If you win, you lose (a lot of money through bad ROI)

Mathematically, almost no one pays what the education would cost under normal tuition.

In theory, we can say people are paying what their education is actually worth. In this case, I suppose we’re saying there is a “real” or, how Adam Smith would put it, a “natural” value to education. Education value is highly variable depending on the situation. A medical doctor will normally make more than an American Studies major. Thus, a medical degree should cost more than the American Studies degree. The best way to differentiate will be to charge for the education based on future earnings.

Here’s a problem with this line of reasoning, much of success is random or a product of family connections. I know plenty of people with law degree who live with their parents now. I also know college dropouts who are making six figures. There’s a lot of variance, but using broad figures, going to college seems to bestow some benefit to the enrollee. A benefit that is highly variable and a benefit that has been going down in value over the last decade. Taken altogether, we shouldn’t assume college is a primary driver of personal success. And if it’s not a primary driver of success, we should be ever more skeptical of this scheme. This setup will encourage more people to go to college, thus reducing the value of a college degree, and possibly costing them real opportunities in the private sector.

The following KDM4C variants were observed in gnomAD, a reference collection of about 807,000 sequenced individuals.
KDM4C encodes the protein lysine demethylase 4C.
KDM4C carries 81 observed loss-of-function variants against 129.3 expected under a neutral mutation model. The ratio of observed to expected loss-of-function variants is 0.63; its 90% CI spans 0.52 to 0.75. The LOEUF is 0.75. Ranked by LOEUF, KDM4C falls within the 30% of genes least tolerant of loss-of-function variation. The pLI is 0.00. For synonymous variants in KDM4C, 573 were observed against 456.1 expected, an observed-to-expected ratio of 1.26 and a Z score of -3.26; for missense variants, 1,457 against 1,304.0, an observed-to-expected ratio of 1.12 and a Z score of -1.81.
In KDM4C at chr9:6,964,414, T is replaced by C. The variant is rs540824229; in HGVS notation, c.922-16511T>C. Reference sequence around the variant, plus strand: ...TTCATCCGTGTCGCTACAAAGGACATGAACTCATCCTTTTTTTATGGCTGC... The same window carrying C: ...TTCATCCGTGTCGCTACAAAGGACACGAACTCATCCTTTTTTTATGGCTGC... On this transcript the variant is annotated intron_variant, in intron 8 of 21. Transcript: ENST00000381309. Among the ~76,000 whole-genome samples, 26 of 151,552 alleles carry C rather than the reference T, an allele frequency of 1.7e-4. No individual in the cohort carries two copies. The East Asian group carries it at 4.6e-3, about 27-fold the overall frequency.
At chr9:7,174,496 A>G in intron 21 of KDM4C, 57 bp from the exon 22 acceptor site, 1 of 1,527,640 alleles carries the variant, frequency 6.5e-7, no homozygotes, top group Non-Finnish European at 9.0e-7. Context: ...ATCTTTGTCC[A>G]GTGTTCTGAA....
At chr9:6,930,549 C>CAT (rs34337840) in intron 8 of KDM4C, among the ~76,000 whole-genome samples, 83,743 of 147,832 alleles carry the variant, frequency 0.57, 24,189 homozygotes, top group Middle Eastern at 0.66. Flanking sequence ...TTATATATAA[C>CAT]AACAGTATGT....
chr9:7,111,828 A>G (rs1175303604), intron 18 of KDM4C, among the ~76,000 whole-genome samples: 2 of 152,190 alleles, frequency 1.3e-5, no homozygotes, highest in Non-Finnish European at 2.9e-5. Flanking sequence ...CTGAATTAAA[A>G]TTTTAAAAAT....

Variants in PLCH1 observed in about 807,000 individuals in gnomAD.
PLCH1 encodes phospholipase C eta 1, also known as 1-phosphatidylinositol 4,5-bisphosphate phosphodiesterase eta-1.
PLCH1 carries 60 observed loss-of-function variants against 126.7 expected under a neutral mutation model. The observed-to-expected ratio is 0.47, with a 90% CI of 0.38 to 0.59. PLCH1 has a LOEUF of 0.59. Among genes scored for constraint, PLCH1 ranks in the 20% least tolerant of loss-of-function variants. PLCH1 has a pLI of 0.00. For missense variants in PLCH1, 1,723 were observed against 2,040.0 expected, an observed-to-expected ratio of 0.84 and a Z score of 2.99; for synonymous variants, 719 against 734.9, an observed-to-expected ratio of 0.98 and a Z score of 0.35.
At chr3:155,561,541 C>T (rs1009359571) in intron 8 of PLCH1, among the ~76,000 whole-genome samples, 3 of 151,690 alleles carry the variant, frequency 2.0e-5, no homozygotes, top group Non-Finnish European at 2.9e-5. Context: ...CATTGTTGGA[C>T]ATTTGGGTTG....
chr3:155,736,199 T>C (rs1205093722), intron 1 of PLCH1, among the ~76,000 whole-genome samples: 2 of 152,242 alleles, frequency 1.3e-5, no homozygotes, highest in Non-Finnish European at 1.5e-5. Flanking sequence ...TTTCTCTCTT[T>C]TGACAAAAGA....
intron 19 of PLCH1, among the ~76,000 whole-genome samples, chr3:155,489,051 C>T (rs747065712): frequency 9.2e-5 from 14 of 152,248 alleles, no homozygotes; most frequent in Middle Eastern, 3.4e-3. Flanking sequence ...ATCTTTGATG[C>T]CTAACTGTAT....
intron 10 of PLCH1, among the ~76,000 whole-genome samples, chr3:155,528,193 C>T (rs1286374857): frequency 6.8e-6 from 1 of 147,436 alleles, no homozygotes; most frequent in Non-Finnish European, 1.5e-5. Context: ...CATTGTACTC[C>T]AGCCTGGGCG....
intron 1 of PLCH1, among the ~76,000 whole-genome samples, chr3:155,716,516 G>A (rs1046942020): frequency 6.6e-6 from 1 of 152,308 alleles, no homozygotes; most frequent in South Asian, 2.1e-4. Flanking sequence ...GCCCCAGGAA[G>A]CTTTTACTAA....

This scheme, by hiding the cost of college, will have the effect of not discouraging people from seeking worthless degree. If I’m paying, upfront, to go to college, I care about Return on Investment (ROI). If I’m not paying upfront, those concerns about ROI go away. More people will feel free to pursue the liberal arts without (apparent) consequence. Instead of pursuing a real opportunity, the individual will waste their time. Not a good thing.

Finally, we should think about the actual mechanism. Taxation is already ridiculous and will get more ridiculous as promised entitlements come due. Adding to your tax burden at a young age could have disproportionate outcomes later. But this is conjecture.